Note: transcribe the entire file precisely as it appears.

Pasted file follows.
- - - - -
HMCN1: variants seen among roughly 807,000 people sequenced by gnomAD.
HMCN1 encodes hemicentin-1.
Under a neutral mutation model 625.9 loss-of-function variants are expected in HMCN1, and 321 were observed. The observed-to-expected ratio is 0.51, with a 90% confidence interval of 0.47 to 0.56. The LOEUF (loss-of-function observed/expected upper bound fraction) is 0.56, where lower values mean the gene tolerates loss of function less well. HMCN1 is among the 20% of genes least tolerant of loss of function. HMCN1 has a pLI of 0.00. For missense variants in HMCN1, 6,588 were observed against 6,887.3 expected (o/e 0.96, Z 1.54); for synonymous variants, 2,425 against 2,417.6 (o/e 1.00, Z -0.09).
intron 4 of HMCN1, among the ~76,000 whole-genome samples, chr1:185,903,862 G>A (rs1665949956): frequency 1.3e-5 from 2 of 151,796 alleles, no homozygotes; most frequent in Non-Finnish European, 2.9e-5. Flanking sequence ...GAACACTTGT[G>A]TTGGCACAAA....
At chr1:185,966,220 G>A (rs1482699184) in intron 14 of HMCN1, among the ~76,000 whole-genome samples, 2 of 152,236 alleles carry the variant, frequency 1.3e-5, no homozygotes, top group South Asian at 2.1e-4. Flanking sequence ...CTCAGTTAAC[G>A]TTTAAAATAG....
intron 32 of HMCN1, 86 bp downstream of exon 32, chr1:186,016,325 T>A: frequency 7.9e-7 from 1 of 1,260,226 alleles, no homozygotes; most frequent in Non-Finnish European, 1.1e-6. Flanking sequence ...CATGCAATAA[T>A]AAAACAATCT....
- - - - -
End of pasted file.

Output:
HMCN1: variants seen among roughly 807,000 people sequenced by gnomAD.
HMCN1 encodes hemicentin-1.
Under a neutral mutation model 625.9 loss-of-function variants are expected in HMCN1, and 321 were observed. The observed-to-expected ratio is 0.51, with a 90% confidence interval of 0.47 to 0.56. The LOEUF (loss-of-function observed/expected upper bound fraction) is 0.56, where lower values mean the gene tolerates loss of function less well. HMCN1 is among the 20% of genes least tolerant of loss of function. HMCN1 has a pLI of 0.00. For missense variants in HMCN1, 6,588 were observed against 6,887.3 expected (o/e 0.96, Z 1.54); for synonymous variants, 2,425 against 2,417.6 (o/e 1.00, Z -0.09).
intron 4 of HMCN1, among the ~76,000 whole-genome samples, chr1:185,903,862 G>A (rs1665949956): frequency 1.3e-5 from 2 of 151,796 alleles, no homozygotes; most frequent in Non-Finnish European, 2.9e-5. Flanking sequence ...GAACACTTGT[G>A]TTGGCACAAA....
At chr1:185,966,220 G>A (rs1482699184) in intron 14 of HMCN1, among the ~76,000 whole-genome samples, 2 of 152,236 alleles carry the variant, frequency 1.3e-5, no homozygotes, top group South Asian at 2.1e-4. Flanking sequence ...CTCAGTTAAC[G>A]TTTAAAATAG....
intron 32 of HMCN1, 86 bp downstream of exon 32, chr1:186,016,325 T>A: frequency 7.9e-7 from 1 of 1,260,226 alleles, no homozygotes; most frequent in Non-Finnish European, 1.1e-6. Flanking sequence ...CATGCAATAA[T>A]AAAACAATCT....